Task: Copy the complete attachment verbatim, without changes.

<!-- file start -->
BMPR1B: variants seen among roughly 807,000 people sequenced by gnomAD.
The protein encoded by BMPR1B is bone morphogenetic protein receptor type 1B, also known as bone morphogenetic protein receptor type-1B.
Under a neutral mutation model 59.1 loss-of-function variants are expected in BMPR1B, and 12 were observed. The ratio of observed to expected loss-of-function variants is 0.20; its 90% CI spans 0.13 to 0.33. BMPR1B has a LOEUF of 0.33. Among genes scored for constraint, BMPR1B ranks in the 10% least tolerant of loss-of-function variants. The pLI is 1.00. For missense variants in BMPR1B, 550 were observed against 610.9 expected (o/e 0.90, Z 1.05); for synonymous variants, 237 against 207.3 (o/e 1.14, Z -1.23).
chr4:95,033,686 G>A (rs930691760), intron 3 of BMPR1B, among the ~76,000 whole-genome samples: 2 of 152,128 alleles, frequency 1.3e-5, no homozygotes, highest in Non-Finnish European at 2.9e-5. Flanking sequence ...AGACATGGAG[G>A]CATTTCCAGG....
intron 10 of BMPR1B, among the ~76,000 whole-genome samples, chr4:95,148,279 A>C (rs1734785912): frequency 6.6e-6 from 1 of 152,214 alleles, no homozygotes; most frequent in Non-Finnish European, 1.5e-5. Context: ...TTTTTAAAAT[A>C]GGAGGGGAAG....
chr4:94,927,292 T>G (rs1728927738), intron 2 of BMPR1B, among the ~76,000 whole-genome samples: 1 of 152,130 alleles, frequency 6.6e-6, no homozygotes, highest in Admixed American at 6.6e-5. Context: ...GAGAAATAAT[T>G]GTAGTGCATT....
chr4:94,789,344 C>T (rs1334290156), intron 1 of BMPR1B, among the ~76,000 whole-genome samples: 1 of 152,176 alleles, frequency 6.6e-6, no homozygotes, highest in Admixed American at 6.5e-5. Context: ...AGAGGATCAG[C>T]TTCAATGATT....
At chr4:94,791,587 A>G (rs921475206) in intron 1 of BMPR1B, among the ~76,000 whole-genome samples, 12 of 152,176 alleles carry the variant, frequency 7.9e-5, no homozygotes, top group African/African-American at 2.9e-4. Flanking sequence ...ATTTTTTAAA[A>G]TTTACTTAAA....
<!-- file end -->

BMPR1B: variants seen among roughly 807,000 people sequenced by gnomAD.
The protein encoded by BMPR1B is bone morphogenetic protein receptor type 1B, also known as bone morphogenetic protein receptor type-1B.
Under a neutral mutation model 59.1 loss-of-function variants are expected in BMPR1B, and 12 were observed. The ratio of observed to expected loss-of-function variants is 0.20; its 90% CI spans 0.13 to 0.33. BMPR1B has a LOEUF of 0.33. Among genes scored for constraint, BMPR1B ranks in the 10% least tolerant of loss-of-function variants. The pLI is 1.00. For missense variants in BMPR1B, 550 were observed against 610.9 expected (o/e 0.90, Z 1.05); for synonymous variants, 237 against 207.3 (o/e 1.14, Z -1.23).
chr4:95,033,686 G>A (rs930691760), intron 3 of BMPR1B, among the ~76,000 whole-genome samples: 2 of 152,128 alleles, frequency 1.3e-5, no homozygotes, highest in Non-Finnish European at 2.9e-5. Flanking sequence ...AGACATGGAG[G>A]CATTTCCAGG....
intron 10 of BMPR1B, among the ~76,000 whole-genome samples, chr4:95,148,279 A>C (rs1734785912): frequency 6.6e-6 from 1 of 152,214 alleles, no homozygotes; most frequent in Non-Finnish European, 1.5e-5. Context: ...TTTTTAAAAT[A>C]GGAGGGGAAG....
chr4:94,927,292 T>G (rs1728927738), intron 2 of BMPR1B, among the ~76,000 whole-genome samples: 1 of 152,130 alleles, frequency 6.6e-6, no homozygotes, highest in Admixed American at 6.6e-5. Context: ...GAGAAATAAT[T>G]GTAGTGCATT....
chr4:94,789,344 C>T (rs1334290156), intron 1 of BMPR1B, among the ~76,000 whole-genome samples: 1 of 152,176 alleles, frequency 6.6e-6, no homozygotes, highest in Admixed American at 6.5e-5. Context: ...AGAGGATCAG[C>T]TTCAATGATT....
At chr4:94,791,587 A>G (rs921475206) in intron 1 of BMPR1B, among the ~76,000 whole-genome samples, 12 of 152,176 alleles carry the variant, frequency 7.9e-5, no homozygotes, top group African/African-American at 2.9e-4. Flanking sequence ...ATTTTTTAAA[A>G]TTTACTTAAA....